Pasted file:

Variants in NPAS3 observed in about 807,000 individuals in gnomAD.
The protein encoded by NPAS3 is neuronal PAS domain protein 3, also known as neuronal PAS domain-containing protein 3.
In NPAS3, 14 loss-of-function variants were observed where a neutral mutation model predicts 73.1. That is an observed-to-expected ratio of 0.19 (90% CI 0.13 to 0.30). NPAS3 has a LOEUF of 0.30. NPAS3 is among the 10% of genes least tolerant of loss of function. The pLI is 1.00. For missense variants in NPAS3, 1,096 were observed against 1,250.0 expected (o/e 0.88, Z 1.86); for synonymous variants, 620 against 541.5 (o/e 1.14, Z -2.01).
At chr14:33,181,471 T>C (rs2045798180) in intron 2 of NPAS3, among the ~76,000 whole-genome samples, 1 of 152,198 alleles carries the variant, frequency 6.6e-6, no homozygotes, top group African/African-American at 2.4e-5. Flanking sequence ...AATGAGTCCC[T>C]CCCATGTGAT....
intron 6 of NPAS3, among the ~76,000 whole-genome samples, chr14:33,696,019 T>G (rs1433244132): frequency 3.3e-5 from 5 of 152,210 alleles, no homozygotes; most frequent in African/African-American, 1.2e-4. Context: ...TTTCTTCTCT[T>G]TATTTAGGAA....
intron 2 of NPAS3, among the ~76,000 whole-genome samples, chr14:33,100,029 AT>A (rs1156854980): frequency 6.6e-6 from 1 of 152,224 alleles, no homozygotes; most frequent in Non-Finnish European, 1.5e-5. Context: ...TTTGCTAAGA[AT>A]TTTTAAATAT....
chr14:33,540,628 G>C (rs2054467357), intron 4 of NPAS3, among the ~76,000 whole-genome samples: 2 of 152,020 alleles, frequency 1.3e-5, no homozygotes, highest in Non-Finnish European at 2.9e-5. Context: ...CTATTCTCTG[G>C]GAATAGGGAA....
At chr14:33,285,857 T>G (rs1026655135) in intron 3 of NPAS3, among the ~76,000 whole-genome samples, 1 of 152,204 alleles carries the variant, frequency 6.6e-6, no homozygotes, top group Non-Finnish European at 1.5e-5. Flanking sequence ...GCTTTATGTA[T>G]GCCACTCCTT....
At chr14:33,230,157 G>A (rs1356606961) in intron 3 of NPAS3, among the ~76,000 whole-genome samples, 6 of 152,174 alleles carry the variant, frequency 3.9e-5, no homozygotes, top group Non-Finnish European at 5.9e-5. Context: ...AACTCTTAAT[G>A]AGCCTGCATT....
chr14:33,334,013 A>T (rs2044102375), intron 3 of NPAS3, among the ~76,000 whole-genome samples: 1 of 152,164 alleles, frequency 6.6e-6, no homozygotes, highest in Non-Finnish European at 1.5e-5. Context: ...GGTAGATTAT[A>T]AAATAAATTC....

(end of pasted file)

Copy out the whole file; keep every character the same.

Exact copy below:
Variants in NPAS3 observed in about 807,000 individuals in gnomAD.
The protein encoded by NPAS3 is neuronal PAS domain protein 3, also known as neuronal PAS domain-containing protein 3.
In NPAS3, 14 loss-of-function variants were observed where a neutral mutation model predicts 73.1. That is an observed-to-expected ratio of 0.19 (90% CI 0.13 to 0.30). NPAS3 has a LOEUF of 0.30. NPAS3 is among the 10% of genes least tolerant of loss of function. The pLI is 1.00. For missense variants in NPAS3, 1,096 were observed against 1,250.0 expected (o/e 0.88, Z 1.86); for synonymous variants, 620 against 541.5 (o/e 1.14, Z -2.01).
At chr14:33,181,471 T>C (rs2045798180) in intron 2 of NPAS3, among the ~76,000 whole-genome samples, 1 of 152,198 alleles carries the variant, frequency 6.6e-6, no homozygotes, top group African/African-American at 2.4e-5. Flanking sequence ...AATGAGTCCC[T>C]CCCATGTGAT....
intron 6 of NPAS3, among the ~76,000 whole-genome samples, chr14:33,696,019 T>G (rs1433244132): frequency 3.3e-5 from 5 of 152,210 alleles, no homozygotes; most frequent in African/African-American, 1.2e-4. Context: ...TTTCTTCTCT[T>G]TATTTAGGAA....
intron 2 of NPAS3, among the ~76,000 whole-genome samples, chr14:33,100,029 AT>A (rs1156854980): frequency 6.6e-6 from 1 of 152,224 alleles, no homozygotes; most frequent in Non-Finnish European, 1.5e-5. Context: ...TTTGCTAAGA[AT>A]TTTTAAATAT....
chr14:33,540,628 G>C (rs2054467357), intron 4 of NPAS3, among the ~76,000 whole-genome samples: 2 of 152,020 alleles, frequency 1.3e-5, no homozygotes, highest in Non-Finnish European at 2.9e-5. Context: ...CTATTCTCTG[G>C]GAATAGGGAA....
At chr14:33,285,857 T>G (rs1026655135) in intron 3 of NPAS3, among the ~76,000 whole-genome samples, 1 of 152,204 alleles carries the variant, frequency 6.6e-6, no homozygotes, top group Non-Finnish European at 1.5e-5. Flanking sequence ...GCTTTATGTA[T>G]GCCACTCCTT....
At chr14:33,230,157 G>A (rs1356606961) in intron 3 of NPAS3, among the ~76,000 whole-genome samples, 6 of 152,174 alleles carry the variant, frequency 3.9e-5, no homozygotes, top group Non-Finnish European at 5.9e-5. Context: ...AACTCTTAAT[G>A]AGCCTGCATT....
chr14:33,334,013 A>T (rs2044102375), intron 3 of NPAS3, among the ~76,000 whole-genome samples: 1 of 152,164 alleles, frequency 6.6e-6, no homozygotes, highest in Non-Finnish European at 1.5e-5. Context: ...GGTAGATTAT[A>T]AAATAAATTC....